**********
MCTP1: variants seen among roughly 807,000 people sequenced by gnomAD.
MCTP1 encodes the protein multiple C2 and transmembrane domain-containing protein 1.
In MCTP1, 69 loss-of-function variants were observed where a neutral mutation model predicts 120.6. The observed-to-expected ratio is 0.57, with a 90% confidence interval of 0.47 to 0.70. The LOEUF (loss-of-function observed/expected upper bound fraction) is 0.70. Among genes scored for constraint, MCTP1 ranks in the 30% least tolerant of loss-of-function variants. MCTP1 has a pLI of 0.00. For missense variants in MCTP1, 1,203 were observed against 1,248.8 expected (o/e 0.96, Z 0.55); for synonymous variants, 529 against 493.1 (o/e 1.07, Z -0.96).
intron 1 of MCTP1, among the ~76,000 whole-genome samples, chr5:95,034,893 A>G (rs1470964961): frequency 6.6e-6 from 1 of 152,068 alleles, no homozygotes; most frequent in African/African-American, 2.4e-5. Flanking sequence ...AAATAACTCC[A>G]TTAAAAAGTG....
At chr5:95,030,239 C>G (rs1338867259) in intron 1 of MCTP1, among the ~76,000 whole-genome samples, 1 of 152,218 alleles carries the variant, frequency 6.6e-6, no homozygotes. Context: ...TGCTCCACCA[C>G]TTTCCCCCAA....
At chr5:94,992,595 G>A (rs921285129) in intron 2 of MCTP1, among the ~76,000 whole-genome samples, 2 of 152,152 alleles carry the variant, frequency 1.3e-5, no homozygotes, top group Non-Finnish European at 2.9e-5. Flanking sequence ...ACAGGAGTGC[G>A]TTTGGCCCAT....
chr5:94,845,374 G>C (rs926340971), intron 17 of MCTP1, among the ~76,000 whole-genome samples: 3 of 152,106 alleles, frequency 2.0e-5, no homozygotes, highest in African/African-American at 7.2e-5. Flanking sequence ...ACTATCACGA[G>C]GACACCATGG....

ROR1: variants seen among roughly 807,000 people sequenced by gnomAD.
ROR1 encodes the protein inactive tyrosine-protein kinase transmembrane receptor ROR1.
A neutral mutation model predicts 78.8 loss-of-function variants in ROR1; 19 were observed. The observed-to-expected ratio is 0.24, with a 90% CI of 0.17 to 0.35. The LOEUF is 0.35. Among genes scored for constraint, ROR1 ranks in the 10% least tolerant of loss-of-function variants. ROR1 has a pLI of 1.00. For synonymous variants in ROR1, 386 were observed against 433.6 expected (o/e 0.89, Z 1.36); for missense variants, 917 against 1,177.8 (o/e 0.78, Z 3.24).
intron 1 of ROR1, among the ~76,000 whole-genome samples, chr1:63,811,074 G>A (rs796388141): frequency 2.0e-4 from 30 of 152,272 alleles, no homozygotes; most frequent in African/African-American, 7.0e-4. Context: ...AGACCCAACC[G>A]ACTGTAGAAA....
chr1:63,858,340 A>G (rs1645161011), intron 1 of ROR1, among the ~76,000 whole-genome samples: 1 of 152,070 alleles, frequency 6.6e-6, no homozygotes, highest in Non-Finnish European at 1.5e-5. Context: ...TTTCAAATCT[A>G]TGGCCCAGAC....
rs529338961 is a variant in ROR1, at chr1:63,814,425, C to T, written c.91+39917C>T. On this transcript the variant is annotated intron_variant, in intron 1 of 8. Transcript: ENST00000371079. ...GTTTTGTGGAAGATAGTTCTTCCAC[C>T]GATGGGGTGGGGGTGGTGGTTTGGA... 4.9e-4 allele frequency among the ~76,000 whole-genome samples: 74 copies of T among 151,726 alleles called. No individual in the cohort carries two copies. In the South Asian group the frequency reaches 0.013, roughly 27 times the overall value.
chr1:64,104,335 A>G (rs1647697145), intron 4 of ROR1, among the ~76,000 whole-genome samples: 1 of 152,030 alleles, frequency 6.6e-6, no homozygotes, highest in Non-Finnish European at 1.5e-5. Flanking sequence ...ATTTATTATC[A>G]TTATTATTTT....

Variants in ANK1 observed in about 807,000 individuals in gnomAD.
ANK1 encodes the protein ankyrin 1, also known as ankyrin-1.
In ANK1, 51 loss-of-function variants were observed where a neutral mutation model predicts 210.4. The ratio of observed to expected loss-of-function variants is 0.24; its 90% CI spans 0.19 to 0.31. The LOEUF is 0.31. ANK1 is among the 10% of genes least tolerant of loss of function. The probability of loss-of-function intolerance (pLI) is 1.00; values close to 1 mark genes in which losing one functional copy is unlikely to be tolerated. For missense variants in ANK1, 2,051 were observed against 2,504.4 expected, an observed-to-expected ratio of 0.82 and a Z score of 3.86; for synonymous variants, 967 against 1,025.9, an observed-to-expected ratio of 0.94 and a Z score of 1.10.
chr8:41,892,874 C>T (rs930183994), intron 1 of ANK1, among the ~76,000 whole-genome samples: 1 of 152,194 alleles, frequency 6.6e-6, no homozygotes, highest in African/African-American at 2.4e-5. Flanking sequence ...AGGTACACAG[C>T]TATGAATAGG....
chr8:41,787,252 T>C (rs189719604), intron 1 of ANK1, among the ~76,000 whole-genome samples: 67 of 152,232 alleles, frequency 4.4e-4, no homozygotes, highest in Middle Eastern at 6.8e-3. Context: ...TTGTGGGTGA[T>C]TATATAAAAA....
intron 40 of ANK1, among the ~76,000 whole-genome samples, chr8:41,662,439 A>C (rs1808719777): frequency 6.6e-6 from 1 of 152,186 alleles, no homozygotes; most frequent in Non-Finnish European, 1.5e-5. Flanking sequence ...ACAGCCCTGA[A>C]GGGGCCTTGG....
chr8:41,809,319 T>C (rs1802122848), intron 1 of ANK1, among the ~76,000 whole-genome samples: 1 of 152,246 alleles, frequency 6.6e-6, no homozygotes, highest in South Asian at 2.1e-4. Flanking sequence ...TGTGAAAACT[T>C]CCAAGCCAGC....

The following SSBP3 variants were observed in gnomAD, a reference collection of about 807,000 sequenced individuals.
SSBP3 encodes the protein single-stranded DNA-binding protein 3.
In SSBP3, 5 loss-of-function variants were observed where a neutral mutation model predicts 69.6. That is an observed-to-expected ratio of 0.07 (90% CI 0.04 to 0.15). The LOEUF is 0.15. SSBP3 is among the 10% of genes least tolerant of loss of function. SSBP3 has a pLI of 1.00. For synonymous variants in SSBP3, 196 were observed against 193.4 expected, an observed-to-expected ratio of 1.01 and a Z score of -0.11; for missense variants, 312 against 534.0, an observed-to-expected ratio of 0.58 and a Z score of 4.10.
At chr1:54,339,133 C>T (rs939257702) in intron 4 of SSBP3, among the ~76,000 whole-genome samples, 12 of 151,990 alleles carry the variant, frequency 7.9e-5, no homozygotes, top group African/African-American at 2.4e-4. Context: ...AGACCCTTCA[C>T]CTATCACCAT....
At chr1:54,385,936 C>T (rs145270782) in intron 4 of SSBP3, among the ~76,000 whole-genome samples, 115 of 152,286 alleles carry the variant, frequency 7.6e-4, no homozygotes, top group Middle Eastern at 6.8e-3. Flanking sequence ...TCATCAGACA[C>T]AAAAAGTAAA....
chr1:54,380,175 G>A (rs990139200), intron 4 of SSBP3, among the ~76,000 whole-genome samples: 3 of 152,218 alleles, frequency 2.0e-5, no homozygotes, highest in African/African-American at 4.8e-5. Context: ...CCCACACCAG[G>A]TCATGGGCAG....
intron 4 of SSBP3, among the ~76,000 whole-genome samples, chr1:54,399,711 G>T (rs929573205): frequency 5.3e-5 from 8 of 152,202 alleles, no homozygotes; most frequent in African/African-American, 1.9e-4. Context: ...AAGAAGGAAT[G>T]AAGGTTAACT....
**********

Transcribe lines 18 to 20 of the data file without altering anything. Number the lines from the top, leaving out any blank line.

chr8:41,892,874 C>T (rs930183994), intron 1 of ANK1, among the ~76,000 whole-genome samples: 1 of 152,194 alleles, frequency 6.6e-6, no homozygotes, highest in African/African-American at 2.4e-5. Flanking sequence ...AGGTACACAG[C>T]TATGAATAGG....
chr8:41,787,252 T>C (rs189719604), intron 1 of ANK1, among the ~76,000 whole-genome samples: 67 of 152,232 alleles, frequency 4.4e-4, no homozygotes, highest in Middle Eastern at 6.8e-3. Context: ...TTGTGGGTGA[T>C]TATATAAAAA....
intron 40 of ANK1, among the ~76,000 whole-genome samples, chr8:41,662,439 A>C (rs1808719777): frequency 6.6e-6 from 1 of 152,186 alleles, no homozygotes; most frequent in Non-Finnish European, 1.5e-5. Flanking sequence ...ACAGCCCTGA[A>C]GGGGCCTTGG....